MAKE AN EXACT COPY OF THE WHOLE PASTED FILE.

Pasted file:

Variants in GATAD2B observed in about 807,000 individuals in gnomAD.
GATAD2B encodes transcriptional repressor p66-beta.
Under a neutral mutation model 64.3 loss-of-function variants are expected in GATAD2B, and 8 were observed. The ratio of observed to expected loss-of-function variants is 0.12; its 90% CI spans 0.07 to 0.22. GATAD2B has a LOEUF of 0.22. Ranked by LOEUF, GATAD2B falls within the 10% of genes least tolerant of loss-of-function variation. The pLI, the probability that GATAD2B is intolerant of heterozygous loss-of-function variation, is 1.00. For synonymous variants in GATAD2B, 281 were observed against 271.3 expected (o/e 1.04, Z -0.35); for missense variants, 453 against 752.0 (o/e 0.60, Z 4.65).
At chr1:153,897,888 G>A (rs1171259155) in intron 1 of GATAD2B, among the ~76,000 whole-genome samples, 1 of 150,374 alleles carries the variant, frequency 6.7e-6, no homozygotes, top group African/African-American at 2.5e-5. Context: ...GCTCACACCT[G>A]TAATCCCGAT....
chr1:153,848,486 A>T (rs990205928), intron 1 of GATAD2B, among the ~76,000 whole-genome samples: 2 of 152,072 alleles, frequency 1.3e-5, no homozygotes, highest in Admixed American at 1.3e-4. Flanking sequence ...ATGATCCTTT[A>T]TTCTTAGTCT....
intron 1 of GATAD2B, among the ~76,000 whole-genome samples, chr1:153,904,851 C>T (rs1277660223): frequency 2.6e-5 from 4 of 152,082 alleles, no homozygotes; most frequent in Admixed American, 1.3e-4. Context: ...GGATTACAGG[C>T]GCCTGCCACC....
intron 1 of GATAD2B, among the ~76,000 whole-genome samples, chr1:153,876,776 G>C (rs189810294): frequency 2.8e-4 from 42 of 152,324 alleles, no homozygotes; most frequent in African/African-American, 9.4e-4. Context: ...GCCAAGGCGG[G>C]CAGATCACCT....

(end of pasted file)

Variants in GATAD2B observed in about 807,000 individuals in gnomAD.
GATAD2B encodes transcriptional repressor p66-beta.
Under a neutral mutation model 64.3 loss-of-function variants are expected in GATAD2B, and 8 were observed. The ratio of observed to expected loss-of-function variants is 0.12; its 90% CI spans 0.07 to 0.22. GATAD2B has a LOEUF of 0.22. Ranked by LOEUF, GATAD2B falls within the 10% of genes least tolerant of loss-of-function variation. The pLI, the probability that GATAD2B is intolerant of heterozygous loss-of-function variation, is 1.00. For synonymous variants in GATAD2B, 281 were observed against 271.3 expected (o/e 1.04, Z -0.35); for missense variants, 453 against 752.0 (o/e 0.60, Z 4.65).
At chr1:153,897,888 G>A (rs1171259155) in intron 1 of GATAD2B, among the ~76,000 whole-genome samples, 1 of 150,374 alleles carries the variant, frequency 6.7e-6, no homozygotes, top group African/African-American at 2.5e-5. Context: ...GCTCACACCT[G>A]TAATCCCGAT....
chr1:153,848,486 A>T (rs990205928), intron 1 of GATAD2B, among the ~76,000 whole-genome samples: 2 of 152,072 alleles, frequency 1.3e-5, no homozygotes, highest in Admixed American at 1.3e-4. Flanking sequence ...ATGATCCTTT[A>T]TTCTTAGTCT....
intron 1 of GATAD2B, among the ~76,000 whole-genome samples, chr1:153,904,851 C>T (rs1277660223): frequency 2.6e-5 from 4 of 152,082 alleles, no homozygotes; most frequent in Admixed American, 1.3e-4. Context: ...GGATTACAGG[C>T]GCCTGCCACC....
intron 1 of GATAD2B, among the ~76,000 whole-genome samples, chr1:153,876,776 G>C (rs189810294): frequency 2.8e-4 from 42 of 152,324 alleles, no homozygotes; most frequent in African/African-American, 9.4e-4. Context: ...GCCAAGGCGG[G>C]CAGATCACCT....